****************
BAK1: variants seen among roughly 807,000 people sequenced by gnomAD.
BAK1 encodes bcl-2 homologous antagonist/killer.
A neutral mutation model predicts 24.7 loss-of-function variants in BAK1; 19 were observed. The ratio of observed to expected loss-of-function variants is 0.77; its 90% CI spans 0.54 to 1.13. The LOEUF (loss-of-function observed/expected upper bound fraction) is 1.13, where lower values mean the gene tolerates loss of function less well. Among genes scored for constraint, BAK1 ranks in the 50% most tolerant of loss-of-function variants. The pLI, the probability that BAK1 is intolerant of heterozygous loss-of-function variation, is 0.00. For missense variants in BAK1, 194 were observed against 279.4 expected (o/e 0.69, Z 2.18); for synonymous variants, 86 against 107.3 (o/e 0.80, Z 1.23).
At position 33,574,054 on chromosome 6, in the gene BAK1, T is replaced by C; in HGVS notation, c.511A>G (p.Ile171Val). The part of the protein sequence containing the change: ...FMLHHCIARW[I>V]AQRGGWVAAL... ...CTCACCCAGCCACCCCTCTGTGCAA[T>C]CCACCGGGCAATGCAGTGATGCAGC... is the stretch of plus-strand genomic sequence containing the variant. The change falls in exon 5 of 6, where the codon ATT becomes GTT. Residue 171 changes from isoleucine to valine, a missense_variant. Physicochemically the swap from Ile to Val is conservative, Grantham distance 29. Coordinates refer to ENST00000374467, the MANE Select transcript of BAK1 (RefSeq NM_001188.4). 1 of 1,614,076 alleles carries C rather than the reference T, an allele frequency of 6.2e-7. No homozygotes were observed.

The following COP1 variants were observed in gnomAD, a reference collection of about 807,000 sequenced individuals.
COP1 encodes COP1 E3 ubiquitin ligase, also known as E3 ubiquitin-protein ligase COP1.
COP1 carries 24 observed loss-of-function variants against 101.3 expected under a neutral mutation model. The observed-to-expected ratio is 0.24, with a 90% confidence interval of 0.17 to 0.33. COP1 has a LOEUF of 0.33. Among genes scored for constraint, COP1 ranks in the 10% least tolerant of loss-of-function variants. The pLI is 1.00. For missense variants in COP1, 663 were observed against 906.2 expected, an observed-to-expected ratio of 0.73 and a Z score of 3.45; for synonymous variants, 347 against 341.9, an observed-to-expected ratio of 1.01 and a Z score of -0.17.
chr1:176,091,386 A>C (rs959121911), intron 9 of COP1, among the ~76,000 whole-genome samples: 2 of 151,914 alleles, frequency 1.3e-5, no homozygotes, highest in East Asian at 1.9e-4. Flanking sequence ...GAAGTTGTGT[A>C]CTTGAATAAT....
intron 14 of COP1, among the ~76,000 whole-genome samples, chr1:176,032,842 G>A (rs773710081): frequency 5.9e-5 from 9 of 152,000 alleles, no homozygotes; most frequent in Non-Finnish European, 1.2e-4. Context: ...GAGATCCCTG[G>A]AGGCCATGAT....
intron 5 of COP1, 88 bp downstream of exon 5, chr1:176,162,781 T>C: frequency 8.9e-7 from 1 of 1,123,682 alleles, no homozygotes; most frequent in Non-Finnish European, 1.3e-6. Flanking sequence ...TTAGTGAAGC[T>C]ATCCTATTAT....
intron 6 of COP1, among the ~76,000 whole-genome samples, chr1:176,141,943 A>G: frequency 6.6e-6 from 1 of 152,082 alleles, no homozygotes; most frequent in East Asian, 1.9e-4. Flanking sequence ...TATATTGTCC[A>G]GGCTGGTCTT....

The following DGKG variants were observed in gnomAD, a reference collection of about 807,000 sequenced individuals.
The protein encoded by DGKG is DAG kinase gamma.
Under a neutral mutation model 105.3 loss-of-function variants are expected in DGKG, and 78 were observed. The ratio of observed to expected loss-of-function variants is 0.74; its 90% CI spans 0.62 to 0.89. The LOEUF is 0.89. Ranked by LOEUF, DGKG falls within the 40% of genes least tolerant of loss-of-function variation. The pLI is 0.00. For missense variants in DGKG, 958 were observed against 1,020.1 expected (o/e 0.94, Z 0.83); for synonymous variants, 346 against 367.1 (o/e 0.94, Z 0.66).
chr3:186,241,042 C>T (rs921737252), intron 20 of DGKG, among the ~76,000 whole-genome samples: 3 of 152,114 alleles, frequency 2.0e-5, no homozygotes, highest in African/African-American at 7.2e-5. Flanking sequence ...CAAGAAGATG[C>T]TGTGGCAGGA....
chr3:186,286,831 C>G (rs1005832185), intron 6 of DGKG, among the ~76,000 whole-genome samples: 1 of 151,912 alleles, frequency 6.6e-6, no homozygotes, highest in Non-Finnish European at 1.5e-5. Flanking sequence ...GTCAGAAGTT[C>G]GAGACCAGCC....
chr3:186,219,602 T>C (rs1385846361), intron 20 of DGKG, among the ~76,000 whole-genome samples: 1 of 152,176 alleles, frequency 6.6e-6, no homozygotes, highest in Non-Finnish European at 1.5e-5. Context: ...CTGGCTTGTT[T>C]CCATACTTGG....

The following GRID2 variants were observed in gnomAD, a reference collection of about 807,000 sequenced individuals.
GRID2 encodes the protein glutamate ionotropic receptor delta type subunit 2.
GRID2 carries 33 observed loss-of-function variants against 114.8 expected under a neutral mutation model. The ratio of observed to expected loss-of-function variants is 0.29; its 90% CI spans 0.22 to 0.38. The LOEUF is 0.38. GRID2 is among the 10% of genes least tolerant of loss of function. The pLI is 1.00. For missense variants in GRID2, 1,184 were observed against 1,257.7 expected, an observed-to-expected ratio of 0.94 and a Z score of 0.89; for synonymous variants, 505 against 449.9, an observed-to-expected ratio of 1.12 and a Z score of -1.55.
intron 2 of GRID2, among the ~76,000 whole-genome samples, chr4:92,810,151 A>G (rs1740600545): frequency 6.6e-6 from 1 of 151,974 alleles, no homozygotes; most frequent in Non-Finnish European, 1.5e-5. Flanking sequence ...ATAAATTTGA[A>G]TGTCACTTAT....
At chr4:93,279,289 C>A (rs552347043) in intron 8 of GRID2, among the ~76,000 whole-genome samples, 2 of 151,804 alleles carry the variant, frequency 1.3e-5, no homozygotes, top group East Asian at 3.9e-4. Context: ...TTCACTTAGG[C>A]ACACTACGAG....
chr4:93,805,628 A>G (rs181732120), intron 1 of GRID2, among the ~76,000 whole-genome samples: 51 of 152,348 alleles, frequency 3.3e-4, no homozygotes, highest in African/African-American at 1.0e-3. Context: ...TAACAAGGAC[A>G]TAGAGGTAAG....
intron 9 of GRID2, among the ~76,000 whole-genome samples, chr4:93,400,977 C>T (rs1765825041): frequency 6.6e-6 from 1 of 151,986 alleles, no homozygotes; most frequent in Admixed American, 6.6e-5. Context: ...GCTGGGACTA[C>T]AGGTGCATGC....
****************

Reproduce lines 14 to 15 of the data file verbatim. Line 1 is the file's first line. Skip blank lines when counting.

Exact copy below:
Under a neutral mutation model 105.3 loss-of-function variants are expected in DGKG, and 78 were observed. The ratio of observed to expected loss-of-function variants is 0.74; its 90% CI spans 0.62 to 0.89. The LOEUF is 0.89. Ranked by LOEUF, DGKG falls within the 40% of genes least tolerant of loss-of-function variation. The pLI is 0.00. For missense variants in DGKG, 958 were observed against 1,020.1 expected (o/e 0.94, Z 0.83); for synonymous variants, 346 against 367.1 (o/e 0.94, Z 0.66).
chr3:186,241,042 C>T (rs921737252), intron 20 of DGKG, among the ~76,000 whole-genome samples: 3 of 152,114 alleles, frequency 2.0e-5, no homozygotes, highest in African/African-American at 7.2e-5. Flanking sequence ...CAAGAAGATG[C>T]TGTGGCAGGA....